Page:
Thanks for any info.
Weeping Willows (roots and all) can grow extremely fast if given the proper nutrients and conditions for growth. They can grow up to several feet per year and will develop a spread equal to their height in many instances. They need to be spaced at least 40 ft apart. Their roots are highly invasive and will most definitely affect nearby water and sewer lines. The roots can exceed the growth of the expanse of the tree's branches by 3 to 4 times, so even planted a good distance away the roots are likely to eventually head toward your septic bed and clog it, unless you have a giant lot.
Many arborists don't recommend the Willow for residential lots due to its large, lateral size, messy habit of constantly dropping small branches and its invasive roots. If you want a "weeping" yard tree, cherry and birch species might be better options. Willows are better planted in their proper habitat along streams and ponds.
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Hello Ed, Yes, you don't want to plant your weeping willows anywhere near your septic. I'm not sure on how fast they grow, but I do know they'll take over your septic. They need lots of water, also.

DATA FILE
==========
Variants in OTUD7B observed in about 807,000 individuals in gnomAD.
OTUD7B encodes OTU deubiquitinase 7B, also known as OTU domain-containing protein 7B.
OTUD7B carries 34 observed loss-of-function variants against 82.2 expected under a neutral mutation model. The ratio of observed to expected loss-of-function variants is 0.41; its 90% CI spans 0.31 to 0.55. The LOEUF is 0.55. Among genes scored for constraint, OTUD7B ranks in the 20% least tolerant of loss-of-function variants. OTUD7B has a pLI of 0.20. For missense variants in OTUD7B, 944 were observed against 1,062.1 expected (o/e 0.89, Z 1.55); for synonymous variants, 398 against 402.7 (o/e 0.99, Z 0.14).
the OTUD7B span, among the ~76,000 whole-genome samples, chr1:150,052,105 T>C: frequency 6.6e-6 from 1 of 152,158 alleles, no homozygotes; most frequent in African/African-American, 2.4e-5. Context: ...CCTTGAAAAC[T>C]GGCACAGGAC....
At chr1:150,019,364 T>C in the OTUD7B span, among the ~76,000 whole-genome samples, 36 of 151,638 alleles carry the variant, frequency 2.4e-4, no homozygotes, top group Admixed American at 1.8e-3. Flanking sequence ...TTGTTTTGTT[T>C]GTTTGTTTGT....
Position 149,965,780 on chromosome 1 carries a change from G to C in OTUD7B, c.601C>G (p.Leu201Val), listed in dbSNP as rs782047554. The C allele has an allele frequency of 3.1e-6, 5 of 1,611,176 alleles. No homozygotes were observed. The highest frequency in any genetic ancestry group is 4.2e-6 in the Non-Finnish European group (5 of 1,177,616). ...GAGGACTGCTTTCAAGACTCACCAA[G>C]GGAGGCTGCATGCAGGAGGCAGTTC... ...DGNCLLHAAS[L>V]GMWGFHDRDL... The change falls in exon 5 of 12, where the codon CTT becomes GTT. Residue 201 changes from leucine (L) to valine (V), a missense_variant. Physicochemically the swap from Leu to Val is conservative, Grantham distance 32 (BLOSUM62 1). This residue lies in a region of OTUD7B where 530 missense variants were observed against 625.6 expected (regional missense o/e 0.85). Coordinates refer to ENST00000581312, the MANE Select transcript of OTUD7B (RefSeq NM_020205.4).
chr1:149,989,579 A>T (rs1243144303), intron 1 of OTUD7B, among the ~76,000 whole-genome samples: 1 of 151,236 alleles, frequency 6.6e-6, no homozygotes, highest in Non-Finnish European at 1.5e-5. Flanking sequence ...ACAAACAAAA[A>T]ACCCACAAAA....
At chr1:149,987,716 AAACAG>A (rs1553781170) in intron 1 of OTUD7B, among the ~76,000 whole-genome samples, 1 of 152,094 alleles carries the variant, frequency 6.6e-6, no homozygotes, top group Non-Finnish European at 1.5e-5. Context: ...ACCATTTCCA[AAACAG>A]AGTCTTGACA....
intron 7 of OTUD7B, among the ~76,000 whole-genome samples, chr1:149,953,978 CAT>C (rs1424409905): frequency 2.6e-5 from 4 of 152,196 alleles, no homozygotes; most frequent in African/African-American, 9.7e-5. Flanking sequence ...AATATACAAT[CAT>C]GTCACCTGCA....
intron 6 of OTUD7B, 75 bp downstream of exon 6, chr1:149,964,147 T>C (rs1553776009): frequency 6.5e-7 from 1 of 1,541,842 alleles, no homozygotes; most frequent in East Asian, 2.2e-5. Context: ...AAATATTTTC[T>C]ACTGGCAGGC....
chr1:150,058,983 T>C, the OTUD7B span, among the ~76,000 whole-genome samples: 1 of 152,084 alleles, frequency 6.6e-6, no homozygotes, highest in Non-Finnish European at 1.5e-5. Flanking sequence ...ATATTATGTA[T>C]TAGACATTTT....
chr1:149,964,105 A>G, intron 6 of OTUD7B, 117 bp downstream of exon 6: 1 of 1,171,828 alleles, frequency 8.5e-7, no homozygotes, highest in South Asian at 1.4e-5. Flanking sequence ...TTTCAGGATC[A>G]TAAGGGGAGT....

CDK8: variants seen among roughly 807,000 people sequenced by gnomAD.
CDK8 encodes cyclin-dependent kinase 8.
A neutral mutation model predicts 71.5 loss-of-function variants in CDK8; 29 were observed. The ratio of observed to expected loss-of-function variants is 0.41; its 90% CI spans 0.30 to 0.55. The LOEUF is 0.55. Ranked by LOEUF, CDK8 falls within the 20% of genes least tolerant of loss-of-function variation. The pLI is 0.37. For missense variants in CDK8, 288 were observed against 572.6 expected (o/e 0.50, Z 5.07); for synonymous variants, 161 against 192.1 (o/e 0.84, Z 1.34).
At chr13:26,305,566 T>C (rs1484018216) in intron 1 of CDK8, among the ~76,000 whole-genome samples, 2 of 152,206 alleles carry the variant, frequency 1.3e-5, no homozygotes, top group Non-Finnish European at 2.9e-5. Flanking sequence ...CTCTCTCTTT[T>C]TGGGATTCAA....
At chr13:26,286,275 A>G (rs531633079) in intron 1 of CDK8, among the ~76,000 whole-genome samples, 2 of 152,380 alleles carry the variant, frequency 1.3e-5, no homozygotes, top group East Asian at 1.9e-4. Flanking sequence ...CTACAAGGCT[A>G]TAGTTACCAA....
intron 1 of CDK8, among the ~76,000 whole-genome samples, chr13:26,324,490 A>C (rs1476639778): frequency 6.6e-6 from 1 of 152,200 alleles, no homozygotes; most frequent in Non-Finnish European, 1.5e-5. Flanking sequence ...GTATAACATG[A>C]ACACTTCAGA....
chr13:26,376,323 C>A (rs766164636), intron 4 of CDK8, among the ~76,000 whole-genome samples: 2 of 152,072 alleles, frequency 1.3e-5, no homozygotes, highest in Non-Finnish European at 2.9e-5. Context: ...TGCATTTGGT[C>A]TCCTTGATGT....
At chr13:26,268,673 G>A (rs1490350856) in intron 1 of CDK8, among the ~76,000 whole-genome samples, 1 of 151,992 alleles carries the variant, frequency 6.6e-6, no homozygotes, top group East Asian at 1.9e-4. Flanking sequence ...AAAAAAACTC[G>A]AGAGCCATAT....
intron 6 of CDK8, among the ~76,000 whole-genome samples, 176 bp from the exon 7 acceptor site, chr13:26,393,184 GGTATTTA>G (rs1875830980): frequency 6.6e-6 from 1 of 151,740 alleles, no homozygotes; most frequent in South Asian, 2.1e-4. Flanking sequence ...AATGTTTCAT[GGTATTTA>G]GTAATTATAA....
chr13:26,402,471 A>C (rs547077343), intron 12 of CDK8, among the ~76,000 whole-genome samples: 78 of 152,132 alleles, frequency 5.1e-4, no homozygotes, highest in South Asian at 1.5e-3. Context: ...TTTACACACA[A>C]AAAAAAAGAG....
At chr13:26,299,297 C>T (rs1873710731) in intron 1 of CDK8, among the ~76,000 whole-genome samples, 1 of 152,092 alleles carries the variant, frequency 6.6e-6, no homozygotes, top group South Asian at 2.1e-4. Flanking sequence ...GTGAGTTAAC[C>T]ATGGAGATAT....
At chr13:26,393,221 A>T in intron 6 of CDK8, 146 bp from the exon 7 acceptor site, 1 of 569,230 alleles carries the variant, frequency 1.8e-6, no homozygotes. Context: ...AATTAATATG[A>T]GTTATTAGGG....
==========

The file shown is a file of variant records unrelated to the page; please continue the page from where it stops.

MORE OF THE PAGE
Roots of a weeping willow does not take long to form. My husband and I get limbs off of his parents. We have planted about 6 now. You really don't even have to put them in water to start. all you have to do is plant them. Now when you first plant them, they will look like they have died. Give it a week or two and look, especially close to the ground and you will see the new limbs starting.
Do not plant near septic or water lines. They will grow into the pipes. Always remember the roots will grow toward water.
Is it possible to plant a weeping willow near a septic system as long as adequate water is supplied at the trees location and not encounter too many problems?
I have a young 5 ft weeping willow I planted 20 ft. from a sewer hole in my backyard of a new house. Should I move it or are new sewer lines stronger?
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